**Edit:**

You may not want to read this blogpost on mobile. The **d3** stuff can be a bit heavy.

In this document we'll do an experiment to see if humans can generate random numbers effectively. We will use you, a human to do this. Please click the heads/tails button as randomly as you can. You may also use the `1` (heads) or `0` (tails) keys on your keyboards (which probably is a whole lot faster if you are on a laptop).

You've currently generated 0 numbers, please ensure that you got about 100 before moving on.

You are likely to cheat if you scroll down, which is fine when you try this a second time but it would be best to do a clean attempt beforehand.

## Inverse Turing Test

Let us do an inverse turing test.

You've just given your sequence of 'random' numbers. There are many axes for judging if you have given random data. In this document we will focus on the markov chain that we can learn from the generated input. The counts for these markov models are graphed below. You may see no bias in the first or second chart, but as you scroll down it may become more and more biased to a certain pattern.

Often, humans fall into a pattern instead of delivering true randomness. Especially repeating `0-1-0-1`

or `1-0-1-0`

is common. Using the barcharts it may become evident if this is the case.

### Probability of predictions

Let us go a step further. It is well possible that you are such a terrible random number generator that an actual machine can predict your 'randomness'. We can use the counts from before to generate simple markov models $M_k$ (where $k$ the number of steps we look back). Each markov chain can then say how likely it is to see a heads (or a 1) given the last $k$ coinflips we've seen (this is denoted by $x_{-k}$).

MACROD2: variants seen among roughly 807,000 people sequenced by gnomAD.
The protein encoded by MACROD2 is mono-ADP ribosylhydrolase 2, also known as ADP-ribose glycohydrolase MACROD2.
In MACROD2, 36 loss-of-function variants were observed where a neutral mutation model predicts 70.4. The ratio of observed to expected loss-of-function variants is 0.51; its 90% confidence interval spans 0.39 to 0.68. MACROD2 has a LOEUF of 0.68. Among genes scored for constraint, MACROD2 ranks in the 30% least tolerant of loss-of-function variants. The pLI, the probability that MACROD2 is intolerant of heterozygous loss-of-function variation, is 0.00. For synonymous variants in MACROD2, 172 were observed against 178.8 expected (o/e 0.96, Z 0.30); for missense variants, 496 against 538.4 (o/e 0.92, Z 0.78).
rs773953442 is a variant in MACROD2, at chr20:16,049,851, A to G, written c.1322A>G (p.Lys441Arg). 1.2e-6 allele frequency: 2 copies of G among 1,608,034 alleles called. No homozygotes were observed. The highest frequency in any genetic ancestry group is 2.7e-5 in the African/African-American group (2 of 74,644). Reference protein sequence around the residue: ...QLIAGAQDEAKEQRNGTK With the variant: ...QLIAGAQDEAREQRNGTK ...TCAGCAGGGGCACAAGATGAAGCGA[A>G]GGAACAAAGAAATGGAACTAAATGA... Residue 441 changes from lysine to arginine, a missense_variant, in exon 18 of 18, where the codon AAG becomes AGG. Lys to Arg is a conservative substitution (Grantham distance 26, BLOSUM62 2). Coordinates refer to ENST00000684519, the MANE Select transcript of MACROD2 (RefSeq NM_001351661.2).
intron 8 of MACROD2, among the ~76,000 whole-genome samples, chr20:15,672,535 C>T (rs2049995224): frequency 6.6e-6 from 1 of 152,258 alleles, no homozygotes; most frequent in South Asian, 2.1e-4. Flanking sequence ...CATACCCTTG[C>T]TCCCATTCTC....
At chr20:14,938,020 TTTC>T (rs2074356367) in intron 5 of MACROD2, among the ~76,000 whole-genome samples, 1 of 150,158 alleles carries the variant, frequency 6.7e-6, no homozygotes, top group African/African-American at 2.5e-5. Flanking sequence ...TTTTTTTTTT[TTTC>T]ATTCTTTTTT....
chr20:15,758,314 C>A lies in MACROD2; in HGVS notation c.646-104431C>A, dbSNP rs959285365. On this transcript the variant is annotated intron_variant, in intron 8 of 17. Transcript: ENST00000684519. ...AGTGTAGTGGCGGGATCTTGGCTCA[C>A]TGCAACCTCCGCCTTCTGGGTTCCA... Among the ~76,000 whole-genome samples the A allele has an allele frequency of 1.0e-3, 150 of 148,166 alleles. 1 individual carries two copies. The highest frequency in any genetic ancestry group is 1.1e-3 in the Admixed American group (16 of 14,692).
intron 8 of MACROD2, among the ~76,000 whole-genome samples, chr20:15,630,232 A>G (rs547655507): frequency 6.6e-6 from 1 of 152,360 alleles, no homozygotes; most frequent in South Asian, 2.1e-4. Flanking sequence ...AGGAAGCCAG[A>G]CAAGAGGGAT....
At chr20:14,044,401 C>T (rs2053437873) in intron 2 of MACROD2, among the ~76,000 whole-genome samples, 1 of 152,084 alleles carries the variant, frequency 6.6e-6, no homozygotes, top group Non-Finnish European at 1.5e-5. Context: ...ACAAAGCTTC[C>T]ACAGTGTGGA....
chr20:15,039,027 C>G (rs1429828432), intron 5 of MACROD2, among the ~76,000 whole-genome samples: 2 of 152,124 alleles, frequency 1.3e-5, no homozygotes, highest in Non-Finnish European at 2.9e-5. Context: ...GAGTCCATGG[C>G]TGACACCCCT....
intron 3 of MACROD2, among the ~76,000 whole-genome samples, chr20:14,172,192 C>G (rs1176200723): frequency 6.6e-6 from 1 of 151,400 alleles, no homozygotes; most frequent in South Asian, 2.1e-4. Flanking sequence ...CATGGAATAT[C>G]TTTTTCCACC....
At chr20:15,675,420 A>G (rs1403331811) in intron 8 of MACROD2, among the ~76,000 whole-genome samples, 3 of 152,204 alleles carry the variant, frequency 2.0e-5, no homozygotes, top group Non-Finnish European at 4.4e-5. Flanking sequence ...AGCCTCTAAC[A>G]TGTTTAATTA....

$$ P_{M_k}(H | x_{-k}) $$

We can combine these models. We train $M_1,...,M_5$ in real time, because it is just counting on a stream, and combine these via a naive ensemble rule.

$$ P(H|x) \approx \prod_{i=1}^5 \frac{P_{M_k}(H | x_{-k})}{P_{M_k}(H | x_{-k}) + P_{M_k}(\neg H | x_{-k})} $$

If the math confuses you; we just average out what each independant markov chain thinks. This is a blunt model, especially because we're sticking to discrete-land while a beta distribution would be much better here. Still, this should be able to pick up a lot of common human patterns. We'll also introduce some smoothing in the beginning to prevent a very early overfit. We encourge the reader to try and changing their pattern a few times to see how the markov chains respond.

When we do this the predictions over time are show below. The lines $p_1, ..., p_5$ correspond to the predictions of markov chain $M_1,...,M_5$ and `pred`

corresponds to the prediction from $P(H|x)$.

The accuracy of this naive ensemble is depicted in the plot below. We show the total accuracy as well as the accuracy of the last 15 predictions. We do this to also demonstrate how the markovs can learn new patterns.

## Conclusion

So with these numbers, how random might the supplied data be? Well, if the data truly was random then the number of correct predictions needs to come from the following distribution;

$$ P(a | H_0) \sim Bin(\frac{1}{2}, n) \sim {n \choose k} p^k (1-p)^{n-k} $$

This means that our found accuracy can help us determine how likely it is that the data is generated randomly. In maths, with the given data; $\sum_i P(H_0 | x_i \geq a) = $ 0.5. This is by no means the only axis where we can measure randomness, but it is able to filter out a lot of human behavior.

Mainly, coding this was a lot of fun.

#### Bonus: What would a robot do?

You may be wondering what the result is if an actual robot filled this in. Press the button below to find out.

## Shoutouts

This document was created together with **@jbnicolai_**, props to him!